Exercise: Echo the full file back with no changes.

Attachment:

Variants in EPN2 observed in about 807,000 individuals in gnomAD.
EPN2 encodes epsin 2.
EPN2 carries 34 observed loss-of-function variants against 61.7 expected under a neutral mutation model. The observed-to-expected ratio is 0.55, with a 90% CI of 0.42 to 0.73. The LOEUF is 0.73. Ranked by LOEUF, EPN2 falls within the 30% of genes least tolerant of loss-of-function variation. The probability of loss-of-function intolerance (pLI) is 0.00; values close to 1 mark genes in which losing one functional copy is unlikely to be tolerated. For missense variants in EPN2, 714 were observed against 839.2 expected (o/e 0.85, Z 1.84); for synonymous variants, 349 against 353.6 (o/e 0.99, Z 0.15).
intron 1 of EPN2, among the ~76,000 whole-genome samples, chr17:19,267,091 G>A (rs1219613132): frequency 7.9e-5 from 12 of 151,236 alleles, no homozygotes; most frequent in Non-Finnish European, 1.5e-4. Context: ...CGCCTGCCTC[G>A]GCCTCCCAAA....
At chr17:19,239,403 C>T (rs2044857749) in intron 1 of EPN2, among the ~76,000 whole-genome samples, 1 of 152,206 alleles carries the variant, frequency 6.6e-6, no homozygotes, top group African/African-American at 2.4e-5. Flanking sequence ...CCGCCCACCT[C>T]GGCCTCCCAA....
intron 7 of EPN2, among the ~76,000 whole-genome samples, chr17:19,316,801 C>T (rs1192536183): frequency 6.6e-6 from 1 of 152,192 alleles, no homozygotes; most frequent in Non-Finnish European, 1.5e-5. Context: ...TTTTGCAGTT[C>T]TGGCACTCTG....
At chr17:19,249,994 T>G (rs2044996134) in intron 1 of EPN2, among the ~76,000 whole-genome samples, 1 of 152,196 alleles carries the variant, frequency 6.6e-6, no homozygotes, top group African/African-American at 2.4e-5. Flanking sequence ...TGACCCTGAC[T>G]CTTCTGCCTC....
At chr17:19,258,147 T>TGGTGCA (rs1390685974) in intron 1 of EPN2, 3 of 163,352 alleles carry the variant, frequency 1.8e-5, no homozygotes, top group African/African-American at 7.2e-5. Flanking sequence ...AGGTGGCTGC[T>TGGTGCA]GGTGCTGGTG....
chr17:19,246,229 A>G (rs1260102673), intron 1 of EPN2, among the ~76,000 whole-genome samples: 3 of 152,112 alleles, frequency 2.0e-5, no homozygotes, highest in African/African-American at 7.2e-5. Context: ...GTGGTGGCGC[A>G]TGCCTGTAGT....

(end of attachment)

Variants in EPN2 observed in about 807,000 individuals in gnomAD.
EPN2 encodes epsin 2.
EPN2 carries 34 observed loss-of-function variants against 61.7 expected under a neutral mutation model. The observed-to-expected ratio is 0.55, with a 90% CI of 0.42 to 0.73. The LOEUF is 0.73. Ranked by LOEUF, EPN2 falls within the 30% of genes least tolerant of loss-of-function variation. The probability of loss-of-function intolerance (pLI) is 0.00; values close to 1 mark genes in which losing one functional copy is unlikely to be tolerated. For missense variants in EPN2, 714 were observed against 839.2 expected (o/e 0.85, Z 1.84); for synonymous variants, 349 against 353.6 (o/e 0.99, Z 0.15).
intron 1 of EPN2, among the ~76,000 whole-genome samples, chr17:19,267,091 G>A (rs1219613132): frequency 7.9e-5 from 12 of 151,236 alleles, no homozygotes; most frequent in Non-Finnish European, 1.5e-4. Context: ...CGCCTGCCTC[G>A]GCCTCCCAAA....
At chr17:19,239,403 C>T (rs2044857749) in intron 1 of EPN2, among the ~76,000 whole-genome samples, 1 of 152,206 alleles carries the variant, frequency 6.6e-6, no homozygotes, top group African/African-American at 2.4e-5. Flanking sequence ...CCGCCCACCT[C>T]GGCCTCCCAA....
intron 7 of EPN2, among the ~76,000 whole-genome samples, chr17:19,316,801 C>T (rs1192536183): frequency 6.6e-6 from 1 of 152,192 alleles, no homozygotes; most frequent in Non-Finnish European, 1.5e-5. Context: ...TTTTGCAGTT[C>T]TGGCACTCTG....
At chr17:19,249,994 T>G (rs2044996134) in intron 1 of EPN2, among the ~76,000 whole-genome samples, 1 of 152,196 alleles carries the variant, frequency 6.6e-6, no homozygotes, top group African/African-American at 2.4e-5. Flanking sequence ...TGACCCTGAC[T>G]CTTCTGCCTC....
At chr17:19,258,147 T>TGGTGCA (rs1390685974) in intron 1 of EPN2, 3 of 163,352 alleles carry the variant, frequency 1.8e-5, no homozygotes, top group African/African-American at 7.2e-5. Flanking sequence ...AGGTGGCTGC[T>TGGTGCA]GGTGCTGGTG....
chr17:19,246,229 A>G (rs1260102673), intron 1 of EPN2, among the ~76,000 whole-genome samples: 3 of 152,112 alleles, frequency 2.0e-5, no homozygotes, highest in African/African-American at 7.2e-5. Context: ...GTGGTGGCGC[A>G]TGCCTGTAGT....